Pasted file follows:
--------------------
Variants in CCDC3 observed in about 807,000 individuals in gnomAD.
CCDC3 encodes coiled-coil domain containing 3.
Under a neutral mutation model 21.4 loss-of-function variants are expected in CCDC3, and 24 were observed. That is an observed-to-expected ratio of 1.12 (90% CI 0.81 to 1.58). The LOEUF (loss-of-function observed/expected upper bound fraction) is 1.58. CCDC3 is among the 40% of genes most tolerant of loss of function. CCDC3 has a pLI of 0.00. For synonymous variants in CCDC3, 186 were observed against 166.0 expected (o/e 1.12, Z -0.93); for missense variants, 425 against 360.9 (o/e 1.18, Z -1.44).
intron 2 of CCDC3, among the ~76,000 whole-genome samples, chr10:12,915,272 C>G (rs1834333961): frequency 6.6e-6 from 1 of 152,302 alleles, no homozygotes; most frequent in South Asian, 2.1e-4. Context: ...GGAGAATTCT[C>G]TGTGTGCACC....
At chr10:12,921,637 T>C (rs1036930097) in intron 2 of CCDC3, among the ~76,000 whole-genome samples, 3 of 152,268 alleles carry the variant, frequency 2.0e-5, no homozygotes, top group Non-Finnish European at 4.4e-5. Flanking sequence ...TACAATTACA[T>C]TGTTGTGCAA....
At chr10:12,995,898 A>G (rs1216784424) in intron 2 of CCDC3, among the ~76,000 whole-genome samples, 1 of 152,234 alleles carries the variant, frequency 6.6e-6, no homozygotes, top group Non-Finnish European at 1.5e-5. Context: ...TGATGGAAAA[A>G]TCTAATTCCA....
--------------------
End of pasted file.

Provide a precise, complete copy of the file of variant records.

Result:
Variants in CCDC3 observed in about 807,000 individuals in gnomAD.
CCDC3 encodes coiled-coil domain containing 3.
Under a neutral mutation model 21.4 loss-of-function variants are expected in CCDC3, and 24 were observed. That is an observed-to-expected ratio of 1.12 (90% CI 0.81 to 1.58). The LOEUF (loss-of-function observed/expected upper bound fraction) is 1.58. CCDC3 is among the 40% of genes most tolerant of loss of function. CCDC3 has a pLI of 0.00. For synonymous variants in CCDC3, 186 were observed against 166.0 expected (o/e 1.12, Z -0.93); for missense variants, 425 against 360.9 (o/e 1.18, Z -1.44).
intron 2 of CCDC3, among the ~76,000 whole-genome samples, chr10:12,915,272 C>G (rs1834333961): frequency 6.6e-6 from 1 of 152,302 alleles, no homozygotes; most frequent in South Asian, 2.1e-4. Context: ...GGAGAATTCT[C>G]TGTGTGCACC....
At chr10:12,921,637 T>C (rs1036930097) in intron 2 of CCDC3, among the ~76,000 whole-genome samples, 3 of 152,268 alleles carry the variant, frequency 2.0e-5, no homozygotes, top group Non-Finnish European at 4.4e-5. Flanking sequence ...TACAATTACA[T>C]TGTTGTGCAA....
At chr10:12,995,898 A>G (rs1216784424) in intron 2 of CCDC3, among the ~76,000 whole-genome samples, 1 of 152,234 alleles carries the variant, frequency 6.6e-6, no homozygotes, top group Non-Finnish European at 1.5e-5. Context: ...TGATGGAAAA[A>G]TCTAATTCCA....